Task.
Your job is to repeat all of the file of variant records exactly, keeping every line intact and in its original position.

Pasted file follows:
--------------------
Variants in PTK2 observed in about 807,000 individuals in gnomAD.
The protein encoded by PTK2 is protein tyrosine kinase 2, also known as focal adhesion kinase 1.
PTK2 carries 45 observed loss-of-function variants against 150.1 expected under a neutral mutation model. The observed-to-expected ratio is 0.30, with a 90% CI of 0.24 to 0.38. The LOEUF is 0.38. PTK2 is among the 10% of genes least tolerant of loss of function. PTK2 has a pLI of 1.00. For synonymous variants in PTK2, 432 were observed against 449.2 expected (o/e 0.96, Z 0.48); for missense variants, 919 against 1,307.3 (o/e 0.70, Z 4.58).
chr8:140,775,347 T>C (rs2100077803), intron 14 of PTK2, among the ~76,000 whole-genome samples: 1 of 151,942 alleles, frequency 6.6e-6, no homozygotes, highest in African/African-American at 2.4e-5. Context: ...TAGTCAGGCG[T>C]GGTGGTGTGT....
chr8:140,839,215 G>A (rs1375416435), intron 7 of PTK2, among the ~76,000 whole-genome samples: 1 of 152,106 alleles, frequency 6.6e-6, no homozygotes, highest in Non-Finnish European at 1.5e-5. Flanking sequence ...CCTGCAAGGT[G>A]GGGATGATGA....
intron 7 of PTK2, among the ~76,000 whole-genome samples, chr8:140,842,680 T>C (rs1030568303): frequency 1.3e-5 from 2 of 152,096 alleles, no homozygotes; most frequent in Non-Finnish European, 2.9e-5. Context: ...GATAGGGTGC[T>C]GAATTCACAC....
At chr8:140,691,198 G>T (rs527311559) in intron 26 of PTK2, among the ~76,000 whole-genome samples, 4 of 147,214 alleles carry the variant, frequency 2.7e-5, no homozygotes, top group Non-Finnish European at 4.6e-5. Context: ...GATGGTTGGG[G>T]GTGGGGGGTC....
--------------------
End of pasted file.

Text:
Variants in PTK2 observed in about 807,000 individuals in gnomAD.
The protein encoded by PTK2 is protein tyrosine kinase 2, also known as focal adhesion kinase 1.
PTK2 carries 45 observed loss-of-function variants against 150.1 expected under a neutral mutation model. The observed-to-expected ratio is 0.30, with a 90% CI of 0.24 to 0.38. The LOEUF is 0.38. PTK2 is among the 10% of genes least tolerant of loss of function. PTK2 has a pLI of 1.00. For synonymous variants in PTK2, 432 were observed against 449.2 expected (o/e 0.96, Z 0.48); for missense variants, 919 against 1,307.3 (o/e 0.70, Z 4.58).
chr8:140,775,347 T>C (rs2100077803), intron 14 of PTK2, among the ~76,000 whole-genome samples: 1 of 151,942 alleles, frequency 6.6e-6, no homozygotes, highest in African/African-American at 2.4e-5. Context: ...TAGTCAGGCG[T>C]GGTGGTGTGT....
chr8:140,839,215 G>A (rs1375416435), intron 7 of PTK2, among the ~76,000 whole-genome samples: 1 of 152,106 alleles, frequency 6.6e-6, no homozygotes, highest in Non-Finnish European at 1.5e-5. Flanking sequence ...CCTGCAAGGT[G>A]GGGATGATGA....
intron 7 of PTK2, among the ~76,000 whole-genome samples, chr8:140,842,680 T>C (rs1030568303): frequency 1.3e-5 from 2 of 152,096 alleles, no homozygotes; most frequent in Non-Finnish European, 2.9e-5. Context: ...GATAGGGTGC[T>C]GAATTCACAC....
At chr8:140,691,198 G>T (rs527311559) in intron 26 of PTK2, among the ~76,000 whole-genome samples, 4 of 147,214 alleles carry the variant, frequency 2.7e-5, no homozygotes, top group Non-Finnish European at 4.6e-5. Context: ...GATGGTTGGG[G>T]GTGGGGGGTC....